posted by nerdfish at 1:01 PM on April 19, 2015 [1 favorite]

I think we're coming from similar places, and what finally worked for me in terms of taking up exercise was this site: http://darebee.com

It's all exercise you can do at home or combine home bodyweight exercises with outdoor walking, running, or biking.

I started with the 90 Days of Action program to ease into the habit of exercising every day and build up some strength and flexibility to support that, but they also now have a new low-impact 30-day Foundation program for folks carrying a lot of extra weight or with joint issues. Both are available at: http://darebee.com/programs.html
posted by northernish at 1:14 PM on April 19, 2015 [6 favorites]

I came in to say get a bike if you can. I like it better than walking because you can cover more distance, see more things, and go faster (fun!) than walking. Bike trails in the spring/summer are probably lovely in Madison. If you get confident on the bike and your routes are safe, you could consider biking part or all of the trips you might usually take the bus. If your buses have bike racks, then you could bike part of the trip, or bike there/ride the bus back, etc. I commute 3-4 miles by bike most days and do basically no other exercise, so while I'm not the pinnacle of fitness, I think it really helps me to have this baseline of activity built into my life.

I also suggest trying out things you can do at home. You can learn a variety of exercises and mix them together, even on Pinterest or YouTube. I bought a set of resistance bands on amazon that came with a DVD (easier to store and transport than weights). At stores like TJ Maxx or Ross, they often have cheap fitness equipment. I also bought a small medicine ball and one of those big rubber exercise balls and learned to do various stuff with them. I took a couple circuit training type classes at a university gym. I only went a few times but it helped me add new tricks and exercises to my repertoire.

Oh, also: http://www.doyogawithme.com/ is a totally free website with high quality yoga videos (different lengths, difficulties...). Some of them are great for strengthening and light cardio, some of them are great just for relaxation and flexibility. I found it helps to find a teacher whose style I liked and then look up more of their videos. (I also bought a yoga mat at TJ Maxx).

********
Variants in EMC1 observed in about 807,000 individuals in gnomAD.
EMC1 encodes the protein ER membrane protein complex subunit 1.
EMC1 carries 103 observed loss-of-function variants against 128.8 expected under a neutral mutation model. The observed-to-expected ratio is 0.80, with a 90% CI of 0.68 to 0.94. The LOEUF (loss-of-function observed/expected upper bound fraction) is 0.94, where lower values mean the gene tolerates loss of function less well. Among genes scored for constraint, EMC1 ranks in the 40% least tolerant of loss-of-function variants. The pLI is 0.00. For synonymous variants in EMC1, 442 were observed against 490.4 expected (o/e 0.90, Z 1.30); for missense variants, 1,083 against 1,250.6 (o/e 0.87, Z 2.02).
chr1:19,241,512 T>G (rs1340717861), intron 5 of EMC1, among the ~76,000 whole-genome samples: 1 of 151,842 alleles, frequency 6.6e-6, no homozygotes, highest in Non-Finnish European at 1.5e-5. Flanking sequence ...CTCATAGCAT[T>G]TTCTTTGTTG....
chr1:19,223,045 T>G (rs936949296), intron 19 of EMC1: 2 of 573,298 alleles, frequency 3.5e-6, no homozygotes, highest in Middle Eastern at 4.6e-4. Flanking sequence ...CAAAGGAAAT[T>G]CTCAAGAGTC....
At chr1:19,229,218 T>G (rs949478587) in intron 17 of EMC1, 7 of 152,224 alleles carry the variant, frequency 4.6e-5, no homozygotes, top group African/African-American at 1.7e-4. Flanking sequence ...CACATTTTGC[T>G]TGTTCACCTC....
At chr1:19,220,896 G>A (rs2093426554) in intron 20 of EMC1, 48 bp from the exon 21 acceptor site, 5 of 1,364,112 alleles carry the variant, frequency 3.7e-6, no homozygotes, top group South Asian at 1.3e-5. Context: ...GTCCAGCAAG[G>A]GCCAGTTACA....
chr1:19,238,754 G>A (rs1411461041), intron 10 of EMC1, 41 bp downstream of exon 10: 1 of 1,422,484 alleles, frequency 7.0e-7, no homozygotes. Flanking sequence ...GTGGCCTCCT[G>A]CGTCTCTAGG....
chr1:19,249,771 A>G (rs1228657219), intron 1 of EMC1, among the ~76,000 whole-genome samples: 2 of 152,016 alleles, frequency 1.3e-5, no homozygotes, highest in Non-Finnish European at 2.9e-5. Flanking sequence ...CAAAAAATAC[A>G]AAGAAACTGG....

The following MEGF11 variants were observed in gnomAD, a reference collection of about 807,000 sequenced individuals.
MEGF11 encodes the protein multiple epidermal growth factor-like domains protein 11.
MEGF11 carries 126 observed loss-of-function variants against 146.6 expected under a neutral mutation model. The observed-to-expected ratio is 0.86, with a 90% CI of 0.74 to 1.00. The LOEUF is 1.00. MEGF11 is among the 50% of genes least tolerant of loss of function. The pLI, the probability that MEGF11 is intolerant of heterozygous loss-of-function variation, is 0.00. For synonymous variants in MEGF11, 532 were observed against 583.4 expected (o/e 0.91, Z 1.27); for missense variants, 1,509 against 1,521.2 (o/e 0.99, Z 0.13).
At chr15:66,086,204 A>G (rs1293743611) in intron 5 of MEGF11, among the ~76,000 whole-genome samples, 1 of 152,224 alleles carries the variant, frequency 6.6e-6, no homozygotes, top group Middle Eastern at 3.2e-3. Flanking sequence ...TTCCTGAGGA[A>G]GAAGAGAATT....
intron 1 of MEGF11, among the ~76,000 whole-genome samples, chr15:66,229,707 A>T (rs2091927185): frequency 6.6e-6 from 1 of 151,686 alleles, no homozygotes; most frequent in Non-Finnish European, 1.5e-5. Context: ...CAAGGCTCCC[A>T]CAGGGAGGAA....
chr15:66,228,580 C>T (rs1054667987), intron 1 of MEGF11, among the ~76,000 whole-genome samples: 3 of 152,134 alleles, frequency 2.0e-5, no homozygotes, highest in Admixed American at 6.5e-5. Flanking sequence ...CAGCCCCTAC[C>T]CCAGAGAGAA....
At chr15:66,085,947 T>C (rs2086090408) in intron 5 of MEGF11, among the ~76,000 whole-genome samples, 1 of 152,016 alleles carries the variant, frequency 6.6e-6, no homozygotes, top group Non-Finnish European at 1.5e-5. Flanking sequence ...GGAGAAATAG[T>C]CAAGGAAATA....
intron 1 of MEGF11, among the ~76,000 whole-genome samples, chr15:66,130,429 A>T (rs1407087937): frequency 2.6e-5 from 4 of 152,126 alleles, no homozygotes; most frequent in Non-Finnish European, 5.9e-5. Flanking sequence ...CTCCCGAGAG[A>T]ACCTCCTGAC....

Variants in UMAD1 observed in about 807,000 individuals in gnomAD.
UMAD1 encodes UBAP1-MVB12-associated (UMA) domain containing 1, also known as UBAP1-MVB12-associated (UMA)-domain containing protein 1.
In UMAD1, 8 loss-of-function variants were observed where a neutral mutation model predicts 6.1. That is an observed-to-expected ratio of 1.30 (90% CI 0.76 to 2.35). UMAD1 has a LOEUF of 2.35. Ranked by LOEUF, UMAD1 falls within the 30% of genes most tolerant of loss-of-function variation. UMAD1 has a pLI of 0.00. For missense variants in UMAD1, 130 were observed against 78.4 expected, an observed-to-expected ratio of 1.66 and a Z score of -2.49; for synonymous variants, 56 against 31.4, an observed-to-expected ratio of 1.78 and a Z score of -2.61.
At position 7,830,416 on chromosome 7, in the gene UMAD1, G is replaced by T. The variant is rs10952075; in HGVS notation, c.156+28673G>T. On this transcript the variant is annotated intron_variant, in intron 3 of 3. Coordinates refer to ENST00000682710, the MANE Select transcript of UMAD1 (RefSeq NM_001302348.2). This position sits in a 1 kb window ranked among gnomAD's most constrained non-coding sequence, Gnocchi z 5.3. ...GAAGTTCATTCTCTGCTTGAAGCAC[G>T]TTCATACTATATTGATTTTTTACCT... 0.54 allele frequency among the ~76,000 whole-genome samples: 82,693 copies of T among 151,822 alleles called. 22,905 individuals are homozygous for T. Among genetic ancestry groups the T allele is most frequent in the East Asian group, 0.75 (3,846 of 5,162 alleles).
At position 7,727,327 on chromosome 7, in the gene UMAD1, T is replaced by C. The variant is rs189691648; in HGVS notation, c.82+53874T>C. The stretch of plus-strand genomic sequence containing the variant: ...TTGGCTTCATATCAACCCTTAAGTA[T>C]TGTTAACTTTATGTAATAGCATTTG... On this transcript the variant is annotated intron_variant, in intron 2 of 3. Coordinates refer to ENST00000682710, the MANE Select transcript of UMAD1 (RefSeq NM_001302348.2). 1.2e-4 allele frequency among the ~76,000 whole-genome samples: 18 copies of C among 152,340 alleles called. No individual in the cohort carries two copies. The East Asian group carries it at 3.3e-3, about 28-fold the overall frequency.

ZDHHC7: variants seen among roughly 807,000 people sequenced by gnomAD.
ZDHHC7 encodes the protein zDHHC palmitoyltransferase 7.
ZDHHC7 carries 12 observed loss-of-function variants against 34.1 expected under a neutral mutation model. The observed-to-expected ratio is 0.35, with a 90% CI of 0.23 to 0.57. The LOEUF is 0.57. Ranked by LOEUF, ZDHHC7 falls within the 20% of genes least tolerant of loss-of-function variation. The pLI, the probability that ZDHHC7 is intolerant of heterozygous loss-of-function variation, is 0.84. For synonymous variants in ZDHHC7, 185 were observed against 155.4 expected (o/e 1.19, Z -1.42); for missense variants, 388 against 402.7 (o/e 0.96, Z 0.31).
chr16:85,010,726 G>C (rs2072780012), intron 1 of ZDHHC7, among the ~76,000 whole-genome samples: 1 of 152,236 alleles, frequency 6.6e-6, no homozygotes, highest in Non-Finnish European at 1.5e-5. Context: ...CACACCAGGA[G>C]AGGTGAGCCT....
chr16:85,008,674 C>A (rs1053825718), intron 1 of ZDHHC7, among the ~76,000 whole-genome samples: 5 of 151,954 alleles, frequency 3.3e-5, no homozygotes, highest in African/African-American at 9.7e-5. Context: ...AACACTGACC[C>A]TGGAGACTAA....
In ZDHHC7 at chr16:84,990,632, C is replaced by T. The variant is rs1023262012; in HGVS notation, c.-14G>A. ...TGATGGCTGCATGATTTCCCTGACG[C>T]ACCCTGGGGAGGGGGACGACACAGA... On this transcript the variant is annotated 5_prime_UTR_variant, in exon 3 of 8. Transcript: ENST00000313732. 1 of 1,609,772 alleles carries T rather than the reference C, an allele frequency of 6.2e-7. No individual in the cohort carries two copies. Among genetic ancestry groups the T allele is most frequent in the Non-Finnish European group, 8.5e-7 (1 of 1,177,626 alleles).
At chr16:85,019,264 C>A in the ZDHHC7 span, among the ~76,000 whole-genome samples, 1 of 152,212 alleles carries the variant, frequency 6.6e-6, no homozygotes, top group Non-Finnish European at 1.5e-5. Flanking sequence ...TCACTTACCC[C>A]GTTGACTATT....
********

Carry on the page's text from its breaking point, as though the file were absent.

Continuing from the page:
posted by dahliachewswell at 1:35 PM on April 19, 2015 [2 favorites]

I've tried and abandoned so many, many exercise programs. I heartily second Major Matt Mason Dixon's advice. When you're ready to leave your house, you may have success with a suggestion from McManus Bipolar and Depression Web.

Get a timer (a watch, a phone). Set it for ten minutes. Leave your house. When it beeps, turn around and come back. When I did this right before meals, I was less hungry.
posted by Jesse the K at 1:43 PM on April 19, 2015

You live in Madison? Nthing the advice to get a bike. If you're a misanthrope and into it for the exercise, I suggest a rigid single speed mountain bike--it's heavy and slow, which for your purposes is a good thing. It's also versatile and low-maintenance, so call that a bonus.
posted by box at 2:03 PM on April 19, 2015

Thing that worked for me, for zero monies: Two years ago I decided I wanted to take up Pilates, found a couple of 20 minute videos on YouTube, and dedicated to doing them twice a month. That goal was so achievable I found I started doing them a lot more, and getting better, now I do 4-6 hours of it a week.

Find something you dig among the fab suggestions here, and set yourself up to succeed. Make a star chart, use iDoneThis, list out the goals you want to hit on a post-it note, whatever, and tick that bad boy off when you're done.
posted by Gin and Broadband at 2:07 PM on April 19, 2015 [2 favorites]

Add a little extra to your walking. Some ankle weights, some arm swinging, a heavy bag, further walks, etc. Carry a litre water bottle in each hand and swing your arms while walking quickly. It's surprising how much of a difference it makes. It's also very cheap and can easily be added to your existing routine - get a couple of collapsible water bottles that you can empty and stash in a bag if you're going to meet friends and nobody need know you were exercising on the way there.
posted by Solomon at 2:53 PM on April 19, 2015

If you need a purpose to get out and walk around? Maybe try Ingress. Tons of portals all over, and if you msg me, I can send you a special sign up link.
posted by spinifex23 at 4:03 PM on April 19, 2015 [1 favorite]